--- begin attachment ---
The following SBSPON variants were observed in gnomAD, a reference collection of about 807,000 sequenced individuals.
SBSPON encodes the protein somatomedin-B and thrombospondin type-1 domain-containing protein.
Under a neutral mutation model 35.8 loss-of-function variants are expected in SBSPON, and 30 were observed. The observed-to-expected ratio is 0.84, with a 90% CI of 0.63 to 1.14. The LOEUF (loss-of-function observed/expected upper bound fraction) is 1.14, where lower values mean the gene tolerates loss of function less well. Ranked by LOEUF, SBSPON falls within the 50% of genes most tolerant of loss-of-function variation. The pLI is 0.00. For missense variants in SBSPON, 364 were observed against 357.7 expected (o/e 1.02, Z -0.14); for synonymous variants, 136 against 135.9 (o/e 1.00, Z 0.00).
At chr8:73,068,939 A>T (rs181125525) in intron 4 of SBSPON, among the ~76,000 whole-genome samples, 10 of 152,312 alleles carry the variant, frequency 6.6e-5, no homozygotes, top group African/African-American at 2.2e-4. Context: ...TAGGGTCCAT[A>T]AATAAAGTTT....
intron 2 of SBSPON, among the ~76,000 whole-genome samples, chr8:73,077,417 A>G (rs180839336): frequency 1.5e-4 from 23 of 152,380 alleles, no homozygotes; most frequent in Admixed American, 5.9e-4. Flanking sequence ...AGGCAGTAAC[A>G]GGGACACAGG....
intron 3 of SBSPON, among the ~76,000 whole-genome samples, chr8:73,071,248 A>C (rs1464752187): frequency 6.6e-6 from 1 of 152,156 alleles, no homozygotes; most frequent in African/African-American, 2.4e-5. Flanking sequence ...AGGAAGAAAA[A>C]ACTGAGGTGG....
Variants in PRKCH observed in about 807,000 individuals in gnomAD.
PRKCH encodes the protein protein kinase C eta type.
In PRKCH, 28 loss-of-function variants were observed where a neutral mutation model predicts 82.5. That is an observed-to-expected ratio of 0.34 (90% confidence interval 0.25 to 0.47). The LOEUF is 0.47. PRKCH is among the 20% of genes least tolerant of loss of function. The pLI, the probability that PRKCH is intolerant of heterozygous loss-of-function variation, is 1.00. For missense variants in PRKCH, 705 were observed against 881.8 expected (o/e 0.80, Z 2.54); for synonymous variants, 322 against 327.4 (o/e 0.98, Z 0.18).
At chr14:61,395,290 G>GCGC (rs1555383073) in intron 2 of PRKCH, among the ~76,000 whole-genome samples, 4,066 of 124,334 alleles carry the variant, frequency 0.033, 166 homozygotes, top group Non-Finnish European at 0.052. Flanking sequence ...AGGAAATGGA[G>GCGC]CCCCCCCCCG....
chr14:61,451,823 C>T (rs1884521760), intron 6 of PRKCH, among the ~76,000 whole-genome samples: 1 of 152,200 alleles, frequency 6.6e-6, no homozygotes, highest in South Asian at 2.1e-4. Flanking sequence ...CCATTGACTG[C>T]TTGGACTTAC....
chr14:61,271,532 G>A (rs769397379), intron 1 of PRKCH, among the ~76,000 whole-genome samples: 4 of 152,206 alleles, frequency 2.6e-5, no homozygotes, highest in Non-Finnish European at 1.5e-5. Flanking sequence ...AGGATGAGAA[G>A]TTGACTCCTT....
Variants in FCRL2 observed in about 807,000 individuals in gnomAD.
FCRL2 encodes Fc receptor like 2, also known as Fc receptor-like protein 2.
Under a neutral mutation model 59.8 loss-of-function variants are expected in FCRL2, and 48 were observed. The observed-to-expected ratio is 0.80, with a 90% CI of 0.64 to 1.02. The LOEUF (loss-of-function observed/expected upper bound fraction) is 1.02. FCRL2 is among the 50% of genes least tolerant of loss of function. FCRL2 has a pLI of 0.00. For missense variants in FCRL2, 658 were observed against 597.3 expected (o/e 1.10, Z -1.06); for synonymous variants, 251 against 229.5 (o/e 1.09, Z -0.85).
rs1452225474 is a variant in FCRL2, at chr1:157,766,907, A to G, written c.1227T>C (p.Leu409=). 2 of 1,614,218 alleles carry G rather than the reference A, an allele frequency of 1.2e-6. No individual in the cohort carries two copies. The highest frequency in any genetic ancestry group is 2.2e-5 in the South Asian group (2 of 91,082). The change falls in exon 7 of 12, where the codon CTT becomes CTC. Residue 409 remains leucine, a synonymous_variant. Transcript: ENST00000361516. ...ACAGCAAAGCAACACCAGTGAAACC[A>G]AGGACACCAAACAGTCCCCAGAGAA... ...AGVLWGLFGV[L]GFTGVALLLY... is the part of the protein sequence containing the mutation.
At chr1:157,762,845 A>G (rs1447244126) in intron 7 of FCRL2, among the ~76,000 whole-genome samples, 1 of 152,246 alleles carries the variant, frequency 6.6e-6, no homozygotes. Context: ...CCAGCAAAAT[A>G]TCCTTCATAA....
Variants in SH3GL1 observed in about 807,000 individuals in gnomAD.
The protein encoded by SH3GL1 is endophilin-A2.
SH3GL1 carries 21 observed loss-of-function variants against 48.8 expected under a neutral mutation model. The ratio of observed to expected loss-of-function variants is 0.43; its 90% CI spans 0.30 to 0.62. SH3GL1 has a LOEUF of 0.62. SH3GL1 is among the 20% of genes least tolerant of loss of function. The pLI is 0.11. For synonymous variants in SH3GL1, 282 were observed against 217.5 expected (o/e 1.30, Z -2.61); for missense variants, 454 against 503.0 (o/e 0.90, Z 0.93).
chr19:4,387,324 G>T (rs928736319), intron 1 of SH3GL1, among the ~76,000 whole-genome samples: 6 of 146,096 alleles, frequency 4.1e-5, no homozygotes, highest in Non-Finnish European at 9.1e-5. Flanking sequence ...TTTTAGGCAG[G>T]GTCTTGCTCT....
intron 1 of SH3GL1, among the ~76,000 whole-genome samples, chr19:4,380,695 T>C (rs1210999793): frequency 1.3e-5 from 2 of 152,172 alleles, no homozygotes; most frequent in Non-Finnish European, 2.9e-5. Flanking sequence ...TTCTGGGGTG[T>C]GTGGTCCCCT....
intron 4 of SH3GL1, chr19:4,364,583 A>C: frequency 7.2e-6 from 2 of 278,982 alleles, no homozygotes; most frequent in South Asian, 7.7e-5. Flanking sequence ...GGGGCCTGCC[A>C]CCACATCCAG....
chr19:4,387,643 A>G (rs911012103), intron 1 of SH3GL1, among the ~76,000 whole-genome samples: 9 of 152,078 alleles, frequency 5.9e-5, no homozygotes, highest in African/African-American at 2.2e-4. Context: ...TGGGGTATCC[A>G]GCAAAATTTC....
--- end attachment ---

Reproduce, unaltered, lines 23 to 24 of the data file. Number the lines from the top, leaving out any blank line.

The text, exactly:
intron 4 of SH3GL1, chr19:4,364,583 A>C: frequency 7.2e-6 from 2 of 278,982 alleles, no homozygotes; most frequent in South Asian, 7.7e-5. Flanking sequence ...GGGGCCTGCC[A>C]CCACATCCAG....
chr19:4,387,643 A>G (rs911012103), intron 1 of SH3GL1, among the ~76,000 whole-genome samples: 9 of 152,078 alleles, frequency 5.9e-5, no homozygotes, highest in African/African-American at 2.2e-4. Context: ...TGGGGTATCC[A>G]GCAAAATTTC....